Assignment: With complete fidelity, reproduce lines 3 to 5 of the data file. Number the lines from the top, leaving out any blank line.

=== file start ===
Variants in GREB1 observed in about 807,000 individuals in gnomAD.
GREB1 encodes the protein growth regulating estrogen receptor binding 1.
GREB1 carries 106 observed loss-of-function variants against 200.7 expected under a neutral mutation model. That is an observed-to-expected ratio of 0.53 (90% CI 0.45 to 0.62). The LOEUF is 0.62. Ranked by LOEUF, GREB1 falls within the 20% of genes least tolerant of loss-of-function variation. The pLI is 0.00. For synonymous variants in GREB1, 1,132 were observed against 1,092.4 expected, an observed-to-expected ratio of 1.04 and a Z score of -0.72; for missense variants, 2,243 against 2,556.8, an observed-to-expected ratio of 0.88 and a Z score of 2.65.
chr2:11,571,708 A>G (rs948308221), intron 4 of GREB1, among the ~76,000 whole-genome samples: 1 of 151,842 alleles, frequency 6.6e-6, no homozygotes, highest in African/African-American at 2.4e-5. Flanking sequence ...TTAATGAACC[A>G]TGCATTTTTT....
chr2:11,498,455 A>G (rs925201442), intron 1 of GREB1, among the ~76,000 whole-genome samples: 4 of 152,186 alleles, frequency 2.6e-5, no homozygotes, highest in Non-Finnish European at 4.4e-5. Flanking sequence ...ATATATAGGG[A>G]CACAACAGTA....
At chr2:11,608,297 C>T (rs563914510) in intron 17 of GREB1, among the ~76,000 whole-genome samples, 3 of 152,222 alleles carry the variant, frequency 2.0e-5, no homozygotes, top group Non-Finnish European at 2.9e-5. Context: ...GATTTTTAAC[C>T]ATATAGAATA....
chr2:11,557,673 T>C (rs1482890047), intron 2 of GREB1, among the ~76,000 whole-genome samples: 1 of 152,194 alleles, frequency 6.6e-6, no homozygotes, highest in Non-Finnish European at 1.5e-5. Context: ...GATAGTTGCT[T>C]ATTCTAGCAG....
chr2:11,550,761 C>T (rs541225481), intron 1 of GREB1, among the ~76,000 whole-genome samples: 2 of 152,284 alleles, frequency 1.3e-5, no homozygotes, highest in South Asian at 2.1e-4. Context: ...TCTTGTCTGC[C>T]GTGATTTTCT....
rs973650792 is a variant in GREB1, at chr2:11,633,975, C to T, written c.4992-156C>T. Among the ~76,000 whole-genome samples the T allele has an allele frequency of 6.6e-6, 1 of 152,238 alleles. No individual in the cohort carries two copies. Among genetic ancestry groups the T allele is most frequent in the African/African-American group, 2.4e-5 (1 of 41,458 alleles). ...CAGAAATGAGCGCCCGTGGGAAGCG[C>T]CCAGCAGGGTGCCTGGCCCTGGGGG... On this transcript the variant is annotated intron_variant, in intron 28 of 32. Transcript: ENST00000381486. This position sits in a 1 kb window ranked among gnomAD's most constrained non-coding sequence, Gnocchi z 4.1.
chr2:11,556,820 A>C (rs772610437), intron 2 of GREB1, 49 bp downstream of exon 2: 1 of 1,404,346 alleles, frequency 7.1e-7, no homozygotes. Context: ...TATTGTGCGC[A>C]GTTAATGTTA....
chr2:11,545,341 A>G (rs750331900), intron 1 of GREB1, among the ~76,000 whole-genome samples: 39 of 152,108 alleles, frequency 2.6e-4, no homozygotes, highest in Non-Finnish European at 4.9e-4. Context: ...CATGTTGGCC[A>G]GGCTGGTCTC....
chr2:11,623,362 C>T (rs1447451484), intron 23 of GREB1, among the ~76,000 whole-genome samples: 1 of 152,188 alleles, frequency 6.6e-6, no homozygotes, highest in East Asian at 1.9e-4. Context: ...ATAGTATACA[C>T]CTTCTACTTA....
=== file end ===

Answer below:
GREB1 carries 106 observed loss-of-function variants against 200.7 expected under a neutral mutation model. That is an observed-to-expected ratio of 0.53 (90% CI 0.45 to 0.62). The LOEUF is 0.62. Ranked by LOEUF, GREB1 falls within the 20% of genes least tolerant of loss-of-function variation. The pLI is 0.00. For synonymous variants in GREB1, 1,132 were observed against 1,092.4 expected, an observed-to-expected ratio of 1.04 and a Z score of -0.72; for missense variants, 2,243 against 2,556.8, an observed-to-expected ratio of 0.88 and a Z score of 2.65.
chr2:11,571,708 A>G (rs948308221), intron 4 of GREB1, among the ~76,000 whole-genome samples: 1 of 151,842 alleles, frequency 6.6e-6, no homozygotes, highest in African/African-American at 2.4e-5. Flanking sequence ...TTAATGAACC[A>G]TGCATTTTTT....
chr2:11,498,455 A>G (rs925201442), intron 1 of GREB1, among the ~76,000 whole-genome samples: 4 of 152,186 alleles, frequency 2.6e-5, no homozygotes, highest in Non-Finnish European at 4.4e-5. Flanking sequence ...ATATATAGGG[A>G]CACAACAGTA....